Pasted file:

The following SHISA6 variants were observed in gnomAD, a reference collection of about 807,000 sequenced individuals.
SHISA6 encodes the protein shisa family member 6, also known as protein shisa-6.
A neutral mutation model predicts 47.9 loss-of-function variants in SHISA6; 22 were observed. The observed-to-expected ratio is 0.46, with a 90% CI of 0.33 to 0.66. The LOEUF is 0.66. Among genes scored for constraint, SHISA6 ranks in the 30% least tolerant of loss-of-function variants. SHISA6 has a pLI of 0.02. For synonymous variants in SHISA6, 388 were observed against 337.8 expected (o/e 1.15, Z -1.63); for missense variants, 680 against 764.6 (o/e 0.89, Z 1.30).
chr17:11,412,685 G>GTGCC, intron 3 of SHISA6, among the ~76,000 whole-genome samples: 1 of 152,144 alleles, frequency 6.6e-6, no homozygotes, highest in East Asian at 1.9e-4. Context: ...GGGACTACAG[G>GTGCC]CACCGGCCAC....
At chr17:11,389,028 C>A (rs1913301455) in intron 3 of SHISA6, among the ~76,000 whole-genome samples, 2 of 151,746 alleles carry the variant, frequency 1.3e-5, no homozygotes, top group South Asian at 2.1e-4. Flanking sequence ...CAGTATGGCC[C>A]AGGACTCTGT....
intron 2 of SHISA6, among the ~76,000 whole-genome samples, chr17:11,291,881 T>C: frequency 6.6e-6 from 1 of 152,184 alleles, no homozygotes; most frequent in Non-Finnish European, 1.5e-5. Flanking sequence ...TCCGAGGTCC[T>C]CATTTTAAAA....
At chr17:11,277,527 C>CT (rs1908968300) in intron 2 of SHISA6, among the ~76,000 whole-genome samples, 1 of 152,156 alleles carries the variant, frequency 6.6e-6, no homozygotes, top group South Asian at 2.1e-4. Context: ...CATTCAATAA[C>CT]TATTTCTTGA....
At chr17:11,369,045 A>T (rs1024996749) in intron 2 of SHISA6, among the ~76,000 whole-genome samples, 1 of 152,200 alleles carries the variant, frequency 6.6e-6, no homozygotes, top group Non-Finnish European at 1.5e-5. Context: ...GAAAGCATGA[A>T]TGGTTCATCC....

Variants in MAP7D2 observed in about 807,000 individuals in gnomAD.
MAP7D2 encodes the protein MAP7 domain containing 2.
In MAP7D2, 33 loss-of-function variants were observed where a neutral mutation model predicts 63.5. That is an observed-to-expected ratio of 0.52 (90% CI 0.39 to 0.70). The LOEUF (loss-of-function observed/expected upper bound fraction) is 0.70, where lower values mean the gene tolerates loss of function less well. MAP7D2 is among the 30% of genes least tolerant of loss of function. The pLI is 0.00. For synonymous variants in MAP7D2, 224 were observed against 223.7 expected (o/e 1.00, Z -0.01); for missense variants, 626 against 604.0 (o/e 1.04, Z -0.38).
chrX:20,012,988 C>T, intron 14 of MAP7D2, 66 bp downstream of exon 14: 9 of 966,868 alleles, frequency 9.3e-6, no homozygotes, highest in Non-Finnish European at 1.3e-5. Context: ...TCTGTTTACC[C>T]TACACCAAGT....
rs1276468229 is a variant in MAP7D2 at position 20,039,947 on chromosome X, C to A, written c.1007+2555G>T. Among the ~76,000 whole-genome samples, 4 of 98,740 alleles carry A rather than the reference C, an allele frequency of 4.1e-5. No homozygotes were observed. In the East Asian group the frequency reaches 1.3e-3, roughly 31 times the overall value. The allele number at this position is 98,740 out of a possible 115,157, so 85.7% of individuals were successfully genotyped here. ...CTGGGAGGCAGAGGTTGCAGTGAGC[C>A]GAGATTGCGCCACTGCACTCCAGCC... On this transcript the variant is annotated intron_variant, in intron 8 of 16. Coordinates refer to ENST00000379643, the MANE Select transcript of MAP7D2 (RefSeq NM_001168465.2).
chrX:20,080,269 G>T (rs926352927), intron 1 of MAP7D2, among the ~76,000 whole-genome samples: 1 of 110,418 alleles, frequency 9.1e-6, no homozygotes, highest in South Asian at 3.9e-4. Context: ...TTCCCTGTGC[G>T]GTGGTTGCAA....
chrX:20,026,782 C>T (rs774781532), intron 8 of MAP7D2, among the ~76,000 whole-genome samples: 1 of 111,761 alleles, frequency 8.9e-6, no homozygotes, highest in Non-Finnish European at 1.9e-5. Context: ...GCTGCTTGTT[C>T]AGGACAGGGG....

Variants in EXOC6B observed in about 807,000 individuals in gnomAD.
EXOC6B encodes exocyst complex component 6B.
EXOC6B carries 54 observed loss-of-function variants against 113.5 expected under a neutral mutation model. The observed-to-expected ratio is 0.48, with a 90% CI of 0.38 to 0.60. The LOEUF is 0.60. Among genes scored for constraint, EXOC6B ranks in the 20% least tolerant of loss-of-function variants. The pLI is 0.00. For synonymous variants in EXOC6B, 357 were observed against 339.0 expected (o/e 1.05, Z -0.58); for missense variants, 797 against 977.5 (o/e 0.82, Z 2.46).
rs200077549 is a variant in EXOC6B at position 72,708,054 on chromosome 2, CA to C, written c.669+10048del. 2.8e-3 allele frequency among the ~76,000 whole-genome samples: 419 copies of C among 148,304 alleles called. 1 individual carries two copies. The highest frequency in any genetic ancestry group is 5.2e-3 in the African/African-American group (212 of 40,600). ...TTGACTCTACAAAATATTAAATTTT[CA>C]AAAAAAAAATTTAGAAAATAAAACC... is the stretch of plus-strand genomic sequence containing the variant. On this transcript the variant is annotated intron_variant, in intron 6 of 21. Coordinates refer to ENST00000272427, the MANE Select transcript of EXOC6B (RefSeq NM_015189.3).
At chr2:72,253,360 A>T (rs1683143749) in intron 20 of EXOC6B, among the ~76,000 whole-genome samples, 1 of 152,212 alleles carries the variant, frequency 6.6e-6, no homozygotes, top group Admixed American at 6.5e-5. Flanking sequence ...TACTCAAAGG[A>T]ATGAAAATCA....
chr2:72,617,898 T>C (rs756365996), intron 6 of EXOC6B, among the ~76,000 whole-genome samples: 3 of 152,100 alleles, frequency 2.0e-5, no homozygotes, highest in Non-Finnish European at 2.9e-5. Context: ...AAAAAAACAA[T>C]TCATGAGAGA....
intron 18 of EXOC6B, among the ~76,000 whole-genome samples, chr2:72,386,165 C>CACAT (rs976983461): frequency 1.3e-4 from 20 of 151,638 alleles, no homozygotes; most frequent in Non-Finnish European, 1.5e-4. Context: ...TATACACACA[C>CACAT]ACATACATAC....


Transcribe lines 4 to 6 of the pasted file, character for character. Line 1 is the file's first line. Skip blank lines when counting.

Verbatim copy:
chr17:11,412,685 G>GTGCC, intron 3 of SHISA6, among the ~76,000 whole-genome samples: 1 of 152,144 alleles, frequency 6.6e-6, no homozygotes, highest in East Asian at 1.9e-4. Context: ...GGGACTACAG[G>GTGCC]CACCGGCCAC....
At chr17:11,389,028 C>A (rs1913301455) in intron 3 of SHISA6, among the ~76,000 whole-genome samples, 2 of 151,746 alleles carry the variant, frequency 1.3e-5, no homozygotes, top group South Asian at 2.1e-4. Flanking sequence ...CAGTATGGCC[C>A]AGGACTCTGT....
intron 2 of SHISA6, among the ~76,000 whole-genome samples, chr17:11,291,881 T>C: frequency 6.6e-6 from 1 of 152,184 alleles, no homozygotes; most frequent in Non-Finnish European, 1.5e-5. Flanking sequence ...TCCGAGGTCC[T>C]CATTTTAAAA....